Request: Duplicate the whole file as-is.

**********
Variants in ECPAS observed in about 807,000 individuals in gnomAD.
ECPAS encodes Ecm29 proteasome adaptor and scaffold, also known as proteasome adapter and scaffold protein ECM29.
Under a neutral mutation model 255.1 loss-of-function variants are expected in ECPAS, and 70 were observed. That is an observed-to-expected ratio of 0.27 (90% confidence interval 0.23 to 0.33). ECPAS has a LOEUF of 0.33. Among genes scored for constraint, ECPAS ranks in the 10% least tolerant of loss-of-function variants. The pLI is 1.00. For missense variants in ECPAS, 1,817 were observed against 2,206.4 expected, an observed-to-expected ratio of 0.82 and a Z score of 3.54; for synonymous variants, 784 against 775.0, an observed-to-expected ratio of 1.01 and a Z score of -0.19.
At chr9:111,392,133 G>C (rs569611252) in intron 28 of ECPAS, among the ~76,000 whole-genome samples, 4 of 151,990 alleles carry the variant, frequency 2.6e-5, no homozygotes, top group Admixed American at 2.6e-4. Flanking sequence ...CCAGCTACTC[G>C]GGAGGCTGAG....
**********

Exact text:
Variants in ECPAS observed in about 807,000 individuals in gnomAD.
ECPAS encodes Ecm29 proteasome adaptor and scaffold, also known as proteasome adapter and scaffold protein ECM29.
Under a neutral mutation model 255.1 loss-of-function variants are expected in ECPAS, and 70 were observed. That is an observed-to-expected ratio of 0.27 (90% confidence interval 0.23 to 0.33). ECPAS has a LOEUF of 0.33. Among genes scored for constraint, ECPAS ranks in the 10% least tolerant of loss-of-function variants. The pLI is 1.00. For missense variants in ECPAS, 1,817 were observed against 2,206.4 expected, an observed-to-expected ratio of 0.82 and a Z score of 3.54; for synonymous variants, 784 against 775.0, an observed-to-expected ratio of 1.01 and a Z score of -0.19.
At chr9:111,392,133 G>C (rs569611252) in intron 28 of ECPAS, among the ~76,000 whole-genome samples, 4 of 151,990 alleles carry the variant, frequency 2.6e-5, no homozygotes, top group Admixed American at 2.6e-4. Flanking sequence ...CCAGCTACTC[G>C]GGAGGCTGAG....